A stretch of coast with sand bottom and scattered rocks covered in bladder wrack is often called leopard bottom, because it resembles the pattern found in the leopard’s fur. These bottom conditions are always important to fish, since the sea trout often hunts above the sand between seaweed bushes and rocks. The contrast between the sand and the food options along the bladder wrack provides the sea trout with an advantage during the hunt.
In many fishing spots, large areas of the bottom are covered in sand, and often the coastal angler will skip these areas since they don’t seem like much. However, it’s worth considering that many small fish like sand eel and sprat often migrate across the sand bottom, and they have sea trout and other predatory fish chasing them. On days with waves, unclear water, or dimmed lighting, you’ll likely find predatory fish in these areas. The sandy areas along the deeper water or close to dark areas can be true sea trout magnets.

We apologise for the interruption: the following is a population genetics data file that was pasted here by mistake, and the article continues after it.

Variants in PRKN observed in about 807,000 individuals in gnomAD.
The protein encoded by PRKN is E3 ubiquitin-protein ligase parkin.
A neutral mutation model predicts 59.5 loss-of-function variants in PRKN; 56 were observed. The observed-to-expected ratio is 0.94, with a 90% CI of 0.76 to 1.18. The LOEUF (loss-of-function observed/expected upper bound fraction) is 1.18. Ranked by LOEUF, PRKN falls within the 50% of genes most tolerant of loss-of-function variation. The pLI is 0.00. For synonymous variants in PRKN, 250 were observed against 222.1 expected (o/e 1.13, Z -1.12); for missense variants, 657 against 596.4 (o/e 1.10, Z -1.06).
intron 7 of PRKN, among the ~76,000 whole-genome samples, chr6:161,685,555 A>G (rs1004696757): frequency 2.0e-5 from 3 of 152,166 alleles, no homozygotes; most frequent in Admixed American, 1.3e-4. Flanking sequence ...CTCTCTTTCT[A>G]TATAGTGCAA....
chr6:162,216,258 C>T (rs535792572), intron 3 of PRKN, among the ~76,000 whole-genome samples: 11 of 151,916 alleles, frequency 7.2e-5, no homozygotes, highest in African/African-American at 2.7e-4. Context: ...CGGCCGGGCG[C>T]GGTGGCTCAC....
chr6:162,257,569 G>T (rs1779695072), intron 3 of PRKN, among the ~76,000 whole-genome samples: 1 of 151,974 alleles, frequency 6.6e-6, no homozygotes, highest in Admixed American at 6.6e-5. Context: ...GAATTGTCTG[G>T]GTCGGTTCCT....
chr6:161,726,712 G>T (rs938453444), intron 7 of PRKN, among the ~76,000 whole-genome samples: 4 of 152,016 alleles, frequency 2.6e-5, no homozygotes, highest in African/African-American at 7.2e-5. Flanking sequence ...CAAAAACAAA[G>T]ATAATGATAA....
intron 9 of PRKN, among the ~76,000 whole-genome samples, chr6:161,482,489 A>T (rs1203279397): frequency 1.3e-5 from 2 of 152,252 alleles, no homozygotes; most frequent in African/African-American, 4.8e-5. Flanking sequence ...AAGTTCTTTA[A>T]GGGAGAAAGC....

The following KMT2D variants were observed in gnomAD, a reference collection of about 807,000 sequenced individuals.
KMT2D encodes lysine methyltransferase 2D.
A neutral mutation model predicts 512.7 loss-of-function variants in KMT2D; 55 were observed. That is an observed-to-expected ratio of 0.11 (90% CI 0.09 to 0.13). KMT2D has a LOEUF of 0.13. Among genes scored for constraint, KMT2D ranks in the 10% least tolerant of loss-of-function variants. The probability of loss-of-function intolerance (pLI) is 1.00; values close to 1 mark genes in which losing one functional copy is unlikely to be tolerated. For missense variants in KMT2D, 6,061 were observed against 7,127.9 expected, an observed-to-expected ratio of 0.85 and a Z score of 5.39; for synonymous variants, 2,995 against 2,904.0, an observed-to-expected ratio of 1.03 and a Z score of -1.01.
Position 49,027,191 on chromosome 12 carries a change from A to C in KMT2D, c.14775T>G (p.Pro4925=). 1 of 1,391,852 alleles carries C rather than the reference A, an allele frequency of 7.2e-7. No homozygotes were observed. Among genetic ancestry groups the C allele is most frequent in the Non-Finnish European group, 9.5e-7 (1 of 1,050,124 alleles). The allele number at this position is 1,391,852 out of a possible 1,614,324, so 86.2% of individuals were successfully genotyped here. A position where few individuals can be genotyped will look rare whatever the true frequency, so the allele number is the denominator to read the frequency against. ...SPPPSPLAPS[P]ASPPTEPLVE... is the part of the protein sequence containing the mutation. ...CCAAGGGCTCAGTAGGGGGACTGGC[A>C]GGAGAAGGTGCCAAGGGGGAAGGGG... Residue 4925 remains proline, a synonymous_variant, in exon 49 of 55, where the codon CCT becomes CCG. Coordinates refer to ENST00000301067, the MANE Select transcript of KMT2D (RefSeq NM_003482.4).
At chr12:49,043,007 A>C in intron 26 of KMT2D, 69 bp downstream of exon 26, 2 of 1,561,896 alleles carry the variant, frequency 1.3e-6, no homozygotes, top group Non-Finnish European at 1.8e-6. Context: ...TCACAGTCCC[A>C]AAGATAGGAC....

Along with the eelgrass, bladder wrack is the most prevalent aquatic plant along the Danish shores. This seaweed attaches itself to smooth surfaces such as rocks, gravel, and other variations on the bottom. The bladder wrack is a good hiding place for food options and fish. Bottom conditions with bladder wrack are good indicators of fish being nearby.